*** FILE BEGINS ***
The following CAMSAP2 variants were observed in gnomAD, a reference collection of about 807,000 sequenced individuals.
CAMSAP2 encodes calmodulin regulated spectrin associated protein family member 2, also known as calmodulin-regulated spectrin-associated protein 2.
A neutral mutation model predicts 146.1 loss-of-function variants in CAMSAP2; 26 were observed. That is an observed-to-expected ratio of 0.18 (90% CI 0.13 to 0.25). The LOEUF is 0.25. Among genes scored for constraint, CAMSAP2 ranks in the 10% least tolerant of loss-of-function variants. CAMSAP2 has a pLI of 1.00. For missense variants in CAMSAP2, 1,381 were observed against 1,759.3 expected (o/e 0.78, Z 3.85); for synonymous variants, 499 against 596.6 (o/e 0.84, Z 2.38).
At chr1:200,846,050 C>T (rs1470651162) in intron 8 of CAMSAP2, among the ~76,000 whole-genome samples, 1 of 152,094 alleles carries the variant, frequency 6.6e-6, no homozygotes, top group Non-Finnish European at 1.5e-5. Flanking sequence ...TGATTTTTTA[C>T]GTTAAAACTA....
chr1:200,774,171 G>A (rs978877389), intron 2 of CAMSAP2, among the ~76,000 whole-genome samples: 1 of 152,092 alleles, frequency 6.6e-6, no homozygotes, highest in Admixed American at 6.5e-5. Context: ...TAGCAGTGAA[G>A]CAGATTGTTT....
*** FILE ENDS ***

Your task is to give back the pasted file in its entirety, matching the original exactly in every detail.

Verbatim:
The following CAMSAP2 variants were observed in gnomAD, a reference collection of about 807,000 sequenced individuals.
CAMSAP2 encodes calmodulin regulated spectrin associated protein family member 2, also known as calmodulin-regulated spectrin-associated protein 2.
A neutral mutation model predicts 146.1 loss-of-function variants in CAMSAP2; 26 were observed. That is an observed-to-expected ratio of 0.18 (90% CI 0.13 to 0.25). The LOEUF is 0.25. Among genes scored for constraint, CAMSAP2 ranks in the 10% least tolerant of loss-of-function variants. CAMSAP2 has a pLI of 1.00. For missense variants in CAMSAP2, 1,381 were observed against 1,759.3 expected (o/e 0.78, Z 3.85); for synonymous variants, 499 against 596.6 (o/e 0.84, Z 2.38).
At chr1:200,846,050 C>T (rs1470651162) in intron 8 of CAMSAP2, among the ~76,000 whole-genome samples, 1 of 152,094 alleles carries the variant, frequency 6.6e-6, no homozygotes, top group Non-Finnish European at 1.5e-5. Flanking sequence ...TGATTTTTTA[C>T]GTTAAAACTA....
chr1:200,774,171 G>A (rs978877389), intron 2 of CAMSAP2, among the ~76,000 whole-genome samples: 1 of 152,092 alleles, frequency 6.6e-6, no homozygotes, highest in Admixed American at 6.5e-5. Context: ...TAGCAGTGAA[G>A]CAGATTGTTT....